Carbon taxes also saddle state and local governments with huge costs. A school district in Canada was forced to kick 400 kids off the school bus program in order to pay a $3.3 million carbon tax bill. The Calgary Board of Education pays about $300,000 in a given school year for the carbon tax on transportation fuel, including school buses, about $1.4 million a year for natural gas to heat its buildings, and a rough estimate of about $1.5 million for electricity, totaling up to about $3.3 million a year.

Carbon Taxes are Unpopular

Carbon taxes are politically unpopular and have failed even where they have been enacted. In Australia, voters rejected a carbon tax that was passed earlier by ensuring the carbon tax politicians were not reelected. Despite opposing a carbon tax during her 2010 campaign, Labor Prime Minister Julia Gillard introduced a carbon tax after she was elected. In 2013, Tony Abbott repealed the carbon tax after campaigning against Gillard and promising that legislation to abolish the carbon tax would be before Parliament within 100 days of his victory.

In November 2016, Washington state voters rejected a carbon tax on a ballot measure known as Initiative 732. In November 2018, Washington State voters rejected a carbon tax again on ballot measure Initiative 1631.

In December 2018, France suspended a carbon tax increase that was supposed to take place on January 1, 2019. A steep increase in the fuel and diesel tax was set to take effect as part of President Emmanuel Macron’s stated goal of reducing carbon dioxide emissions. The diesel tax was set to rise by 6.5 cents per liter, and the fuel tax was set to rise by 2.9 cents per liter, which was on top of the carbon tax hikes that took effect on January 1, 2018–a tax hike of 7.6 cents per liter on diesel and a hike of 3.9 cents per liter of fuel. The carbon tax increases sparked the Yellow Vest movement, which led to Macron’s suspension of the 2019 tax hikes.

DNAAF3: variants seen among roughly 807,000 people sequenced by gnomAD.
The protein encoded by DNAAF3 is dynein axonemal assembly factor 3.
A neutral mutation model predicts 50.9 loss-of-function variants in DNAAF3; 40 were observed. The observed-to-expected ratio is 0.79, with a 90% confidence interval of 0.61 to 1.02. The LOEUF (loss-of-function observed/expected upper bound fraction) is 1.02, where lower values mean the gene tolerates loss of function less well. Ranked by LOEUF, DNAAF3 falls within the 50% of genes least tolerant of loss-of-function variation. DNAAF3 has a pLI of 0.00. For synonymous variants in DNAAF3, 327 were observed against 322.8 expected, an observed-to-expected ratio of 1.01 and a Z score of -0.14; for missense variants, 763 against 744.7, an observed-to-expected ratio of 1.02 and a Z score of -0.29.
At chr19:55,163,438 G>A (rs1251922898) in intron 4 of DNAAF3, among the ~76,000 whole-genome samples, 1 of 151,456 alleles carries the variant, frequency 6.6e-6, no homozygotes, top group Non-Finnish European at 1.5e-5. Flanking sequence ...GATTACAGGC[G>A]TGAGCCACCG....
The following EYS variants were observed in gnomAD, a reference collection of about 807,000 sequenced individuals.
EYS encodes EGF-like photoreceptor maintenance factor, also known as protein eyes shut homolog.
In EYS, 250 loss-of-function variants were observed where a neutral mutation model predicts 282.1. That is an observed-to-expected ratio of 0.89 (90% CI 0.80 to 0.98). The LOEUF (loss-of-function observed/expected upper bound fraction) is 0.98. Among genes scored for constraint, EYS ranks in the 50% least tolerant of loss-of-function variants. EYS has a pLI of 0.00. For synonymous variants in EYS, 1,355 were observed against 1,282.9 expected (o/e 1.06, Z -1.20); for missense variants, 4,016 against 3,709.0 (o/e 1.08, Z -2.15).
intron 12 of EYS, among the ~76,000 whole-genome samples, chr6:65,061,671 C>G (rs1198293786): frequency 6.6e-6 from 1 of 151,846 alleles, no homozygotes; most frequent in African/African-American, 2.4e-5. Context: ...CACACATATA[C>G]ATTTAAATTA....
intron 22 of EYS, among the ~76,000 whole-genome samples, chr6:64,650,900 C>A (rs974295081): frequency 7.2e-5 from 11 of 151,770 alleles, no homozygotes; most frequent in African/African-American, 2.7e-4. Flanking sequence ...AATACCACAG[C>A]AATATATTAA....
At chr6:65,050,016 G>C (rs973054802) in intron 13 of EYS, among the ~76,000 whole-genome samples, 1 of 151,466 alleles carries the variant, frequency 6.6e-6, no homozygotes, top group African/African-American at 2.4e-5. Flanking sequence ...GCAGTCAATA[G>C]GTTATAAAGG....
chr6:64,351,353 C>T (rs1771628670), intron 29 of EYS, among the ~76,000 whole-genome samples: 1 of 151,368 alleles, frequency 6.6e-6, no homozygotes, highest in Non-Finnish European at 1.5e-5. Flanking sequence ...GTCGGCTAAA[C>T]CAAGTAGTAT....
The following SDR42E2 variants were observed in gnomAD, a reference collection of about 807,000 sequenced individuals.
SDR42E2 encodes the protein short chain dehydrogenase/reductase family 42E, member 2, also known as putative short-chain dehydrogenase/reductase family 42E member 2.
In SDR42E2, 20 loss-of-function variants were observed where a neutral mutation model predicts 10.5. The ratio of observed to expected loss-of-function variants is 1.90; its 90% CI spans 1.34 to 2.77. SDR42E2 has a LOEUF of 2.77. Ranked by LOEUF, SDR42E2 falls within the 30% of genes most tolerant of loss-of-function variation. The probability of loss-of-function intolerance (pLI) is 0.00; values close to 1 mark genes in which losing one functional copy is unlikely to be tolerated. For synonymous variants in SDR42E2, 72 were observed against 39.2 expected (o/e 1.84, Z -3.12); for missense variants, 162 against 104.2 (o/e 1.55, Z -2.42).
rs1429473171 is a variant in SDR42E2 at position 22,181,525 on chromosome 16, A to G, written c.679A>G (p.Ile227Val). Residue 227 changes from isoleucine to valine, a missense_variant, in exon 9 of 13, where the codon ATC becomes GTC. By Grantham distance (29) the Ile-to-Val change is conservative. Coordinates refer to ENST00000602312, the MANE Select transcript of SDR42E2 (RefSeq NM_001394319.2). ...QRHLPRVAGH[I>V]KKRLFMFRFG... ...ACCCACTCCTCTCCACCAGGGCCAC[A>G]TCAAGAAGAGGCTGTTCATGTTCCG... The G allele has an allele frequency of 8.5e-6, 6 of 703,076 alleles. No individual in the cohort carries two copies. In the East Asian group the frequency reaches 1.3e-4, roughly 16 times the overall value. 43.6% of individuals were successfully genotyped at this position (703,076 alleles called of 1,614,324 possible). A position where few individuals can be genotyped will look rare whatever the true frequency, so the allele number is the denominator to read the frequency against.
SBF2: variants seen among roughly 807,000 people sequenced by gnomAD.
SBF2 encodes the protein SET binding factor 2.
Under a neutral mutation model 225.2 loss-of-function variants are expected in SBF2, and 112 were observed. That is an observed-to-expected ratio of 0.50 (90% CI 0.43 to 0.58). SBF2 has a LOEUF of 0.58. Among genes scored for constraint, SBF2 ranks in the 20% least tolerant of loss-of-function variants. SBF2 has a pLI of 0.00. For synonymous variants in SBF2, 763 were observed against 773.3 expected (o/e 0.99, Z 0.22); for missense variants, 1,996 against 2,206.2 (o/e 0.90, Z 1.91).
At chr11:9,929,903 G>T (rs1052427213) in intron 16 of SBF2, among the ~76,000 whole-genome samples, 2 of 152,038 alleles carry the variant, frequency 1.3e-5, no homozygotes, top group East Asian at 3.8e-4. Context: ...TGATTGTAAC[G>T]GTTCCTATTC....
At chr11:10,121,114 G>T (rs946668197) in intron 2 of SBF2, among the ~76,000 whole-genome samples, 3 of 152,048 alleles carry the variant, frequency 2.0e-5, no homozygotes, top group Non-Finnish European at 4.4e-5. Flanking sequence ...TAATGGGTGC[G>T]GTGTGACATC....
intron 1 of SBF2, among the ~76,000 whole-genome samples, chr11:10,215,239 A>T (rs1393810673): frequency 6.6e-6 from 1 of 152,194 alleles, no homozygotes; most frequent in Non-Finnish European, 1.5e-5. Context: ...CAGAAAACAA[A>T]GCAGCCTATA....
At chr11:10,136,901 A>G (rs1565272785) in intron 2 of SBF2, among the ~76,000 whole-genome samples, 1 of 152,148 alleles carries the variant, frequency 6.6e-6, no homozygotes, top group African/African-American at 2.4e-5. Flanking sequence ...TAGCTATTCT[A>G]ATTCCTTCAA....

Biden’s plan to reach economy-wide net-zero emissions by 2050 is a non-starter. While his website isn’t advertising that the mechanism would be a tax on fossil fuels, that is precisely what it would be, which will increase the cost of transportation, raise electricity rates, increase the cost of cooling and heating homes, and generally increase the cost of living. Americans are facing economic hardships now because of the lockdowns caused by the coronavirus pandemic. Planning and campaigning on increasing energy costs during this period of economic harm should set off alarm bells. But the Biden campaign hides the details from the public. Americans should be aware of what the Australians went through a decade ago and what Canadians are facing today.